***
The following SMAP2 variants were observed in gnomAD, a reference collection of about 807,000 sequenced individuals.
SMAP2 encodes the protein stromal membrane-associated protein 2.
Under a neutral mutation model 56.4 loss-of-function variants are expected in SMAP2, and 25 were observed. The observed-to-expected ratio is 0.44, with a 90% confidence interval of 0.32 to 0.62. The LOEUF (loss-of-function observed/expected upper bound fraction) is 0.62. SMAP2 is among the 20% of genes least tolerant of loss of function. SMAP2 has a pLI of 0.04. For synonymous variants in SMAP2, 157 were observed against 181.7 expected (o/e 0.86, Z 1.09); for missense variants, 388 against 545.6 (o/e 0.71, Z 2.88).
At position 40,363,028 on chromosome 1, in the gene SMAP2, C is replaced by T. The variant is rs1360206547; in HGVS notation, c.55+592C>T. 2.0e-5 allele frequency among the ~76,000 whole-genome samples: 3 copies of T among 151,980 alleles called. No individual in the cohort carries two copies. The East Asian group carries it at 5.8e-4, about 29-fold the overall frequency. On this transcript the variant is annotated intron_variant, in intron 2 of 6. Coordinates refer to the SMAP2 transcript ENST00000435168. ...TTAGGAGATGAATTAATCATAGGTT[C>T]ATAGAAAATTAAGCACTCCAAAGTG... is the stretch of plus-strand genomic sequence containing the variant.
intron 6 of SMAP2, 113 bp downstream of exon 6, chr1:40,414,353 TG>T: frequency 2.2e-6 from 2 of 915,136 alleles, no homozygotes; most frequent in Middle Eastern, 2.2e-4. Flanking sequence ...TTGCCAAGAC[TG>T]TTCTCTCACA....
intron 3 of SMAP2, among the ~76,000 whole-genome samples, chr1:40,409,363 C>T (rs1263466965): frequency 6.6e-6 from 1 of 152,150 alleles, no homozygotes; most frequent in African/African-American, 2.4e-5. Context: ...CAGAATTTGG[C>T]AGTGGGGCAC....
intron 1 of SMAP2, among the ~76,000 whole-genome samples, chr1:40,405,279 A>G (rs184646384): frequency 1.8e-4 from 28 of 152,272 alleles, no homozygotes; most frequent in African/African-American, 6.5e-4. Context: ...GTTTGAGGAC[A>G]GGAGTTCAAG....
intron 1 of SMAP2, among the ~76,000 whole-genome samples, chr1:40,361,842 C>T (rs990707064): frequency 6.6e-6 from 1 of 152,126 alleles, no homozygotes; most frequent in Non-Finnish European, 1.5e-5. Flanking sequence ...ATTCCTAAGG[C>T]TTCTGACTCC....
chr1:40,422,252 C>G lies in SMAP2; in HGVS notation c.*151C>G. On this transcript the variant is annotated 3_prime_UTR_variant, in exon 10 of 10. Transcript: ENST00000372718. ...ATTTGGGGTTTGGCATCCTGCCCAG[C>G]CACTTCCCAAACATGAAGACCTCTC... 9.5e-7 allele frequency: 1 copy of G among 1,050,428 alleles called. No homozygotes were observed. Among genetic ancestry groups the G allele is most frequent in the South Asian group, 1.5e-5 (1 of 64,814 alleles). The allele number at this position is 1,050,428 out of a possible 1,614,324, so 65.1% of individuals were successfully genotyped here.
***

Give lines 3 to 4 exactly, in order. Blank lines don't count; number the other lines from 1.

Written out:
Under a neutral mutation model 56.4 loss-of-function variants are expected in SMAP2, and 25 were observed. The observed-to-expected ratio is 0.44, with a 90% confidence interval of 0.32 to 0.62. The LOEUF (loss-of-function observed/expected upper bound fraction) is 0.62. SMAP2 is among the 20% of genes least tolerant of loss of function. SMAP2 has a pLI of 0.04. For synonymous variants in SMAP2, 157 were observed against 181.7 expected (o/e 0.86, Z 1.09); for missense variants, 388 against 545.6 (o/e 0.71, Z 2.88).
At position 40,363,028 on chromosome 1, in the gene SMAP2, C is replaced by T. The variant is rs1360206547; in HGVS notation, c.55+592C>T. 2.0e-5 allele frequency among the ~76,000 whole-genome samples: 3 copies of T among 151,980 alleles called. No individual in the cohort carries two copies. The East Asian group carries it at 5.8e-4, about 29-fold the overall frequency. On this transcript the variant is annotated intron_variant, in intron 2 of 6. Coordinates refer to the SMAP2 transcript ENST00000435168. ...TTAGGAGATGAATTAATCATAGGTT[C>T]ATAGAAAATTAAGCACTCCAAAGTG... is the stretch of plus-strand genomic sequence containing the variant.